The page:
Czech Republic – The servo-mechanical line, installed in a new, 11,600 sq.m hall at a total cost of 86.4m ($94.8m), began full production in March after successfully completing a trial period in February. PXL II can make up to 23,000 parts per day for multiple models, and Skoda says this is the first time it has had the capability to make large aluminium components, though the press is currently handling steel.
According to Michael Oeljeklaus, Skoda’s board member for Production and Logistics, the new press “enables a particularly flexible production process and significantly shorter changeover times”. The changeover is fully automated and takes only four minutes, in comparison with previous generations of presses which required 20 minutes or more.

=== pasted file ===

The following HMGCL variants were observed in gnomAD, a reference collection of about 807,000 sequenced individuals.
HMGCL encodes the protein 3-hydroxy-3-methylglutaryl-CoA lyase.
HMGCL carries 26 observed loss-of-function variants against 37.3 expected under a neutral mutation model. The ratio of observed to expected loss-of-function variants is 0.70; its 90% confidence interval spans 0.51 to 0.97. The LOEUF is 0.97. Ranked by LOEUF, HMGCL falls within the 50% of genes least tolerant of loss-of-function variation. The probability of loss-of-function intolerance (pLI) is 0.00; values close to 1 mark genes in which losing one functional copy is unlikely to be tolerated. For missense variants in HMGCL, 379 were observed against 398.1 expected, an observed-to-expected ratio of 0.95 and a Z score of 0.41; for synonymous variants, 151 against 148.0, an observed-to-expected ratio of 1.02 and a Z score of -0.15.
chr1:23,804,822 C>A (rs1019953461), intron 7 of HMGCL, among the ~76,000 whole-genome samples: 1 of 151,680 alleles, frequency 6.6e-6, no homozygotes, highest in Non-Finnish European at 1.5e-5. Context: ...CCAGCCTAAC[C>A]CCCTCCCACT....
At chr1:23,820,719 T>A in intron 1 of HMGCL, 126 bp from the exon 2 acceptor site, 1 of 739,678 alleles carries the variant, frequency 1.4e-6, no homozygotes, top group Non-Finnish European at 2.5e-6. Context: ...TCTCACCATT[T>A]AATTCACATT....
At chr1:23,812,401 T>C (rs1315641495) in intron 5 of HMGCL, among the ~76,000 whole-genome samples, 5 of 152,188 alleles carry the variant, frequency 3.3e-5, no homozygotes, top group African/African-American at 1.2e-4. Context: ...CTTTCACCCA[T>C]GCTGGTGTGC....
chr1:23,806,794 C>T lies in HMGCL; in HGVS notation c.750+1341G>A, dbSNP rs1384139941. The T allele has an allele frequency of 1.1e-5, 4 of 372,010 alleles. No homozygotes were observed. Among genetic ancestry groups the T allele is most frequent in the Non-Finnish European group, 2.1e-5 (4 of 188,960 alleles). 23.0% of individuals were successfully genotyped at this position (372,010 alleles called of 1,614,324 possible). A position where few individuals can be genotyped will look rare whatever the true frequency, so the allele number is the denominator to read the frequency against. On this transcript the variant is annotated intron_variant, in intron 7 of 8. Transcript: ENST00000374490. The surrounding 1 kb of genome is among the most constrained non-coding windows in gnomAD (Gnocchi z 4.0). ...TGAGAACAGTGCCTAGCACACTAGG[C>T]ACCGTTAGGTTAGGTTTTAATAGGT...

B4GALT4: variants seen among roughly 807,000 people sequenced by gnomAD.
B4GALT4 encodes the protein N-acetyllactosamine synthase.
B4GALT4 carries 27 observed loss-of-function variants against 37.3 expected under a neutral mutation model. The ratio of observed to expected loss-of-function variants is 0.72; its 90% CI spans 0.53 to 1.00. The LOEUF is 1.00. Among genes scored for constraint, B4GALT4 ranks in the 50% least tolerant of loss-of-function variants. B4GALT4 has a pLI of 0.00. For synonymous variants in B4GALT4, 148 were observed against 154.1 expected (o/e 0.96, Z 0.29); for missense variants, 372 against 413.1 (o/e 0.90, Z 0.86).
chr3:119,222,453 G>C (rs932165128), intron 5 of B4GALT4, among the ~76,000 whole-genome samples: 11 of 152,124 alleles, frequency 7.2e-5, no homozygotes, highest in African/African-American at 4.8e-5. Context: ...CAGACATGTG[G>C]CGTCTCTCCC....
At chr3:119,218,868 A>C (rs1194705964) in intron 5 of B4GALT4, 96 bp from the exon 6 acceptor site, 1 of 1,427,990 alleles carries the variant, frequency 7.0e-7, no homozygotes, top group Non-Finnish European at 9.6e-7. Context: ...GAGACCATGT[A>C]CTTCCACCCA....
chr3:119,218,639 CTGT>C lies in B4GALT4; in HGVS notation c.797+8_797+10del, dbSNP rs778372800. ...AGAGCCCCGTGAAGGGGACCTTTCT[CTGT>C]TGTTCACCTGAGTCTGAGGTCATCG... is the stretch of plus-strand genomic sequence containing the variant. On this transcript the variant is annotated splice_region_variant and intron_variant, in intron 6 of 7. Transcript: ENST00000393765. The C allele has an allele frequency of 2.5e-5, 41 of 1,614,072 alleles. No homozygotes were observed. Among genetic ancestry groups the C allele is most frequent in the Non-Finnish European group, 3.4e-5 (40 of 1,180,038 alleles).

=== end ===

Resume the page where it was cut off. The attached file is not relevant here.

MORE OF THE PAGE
Oeljeklaus described the press as being “one of the most modern of its kind in Central Europe” and “another important part of our ‘GreenFuture’ environmental strategy, which focuses on resource-saving and production as well as energy-efficient vehicles”. The press is claimed to be about 15% more energy efficient than a conventional mechanical press due to its servo technology.
The energy needed to produce parts is generated in 14 decentralised servomotors rather than a flywheel and can be easily regulated as required. Furthermore, the energy released during pressing can be partially recovered and the line is protected from temporary power outages due to its recuperation system, ensuring that production is continuous.
Skoda has recruited an extra 140 personnel to bring the press shop workforce up to around 1,000 and operate 12-hour shifts seven days a week.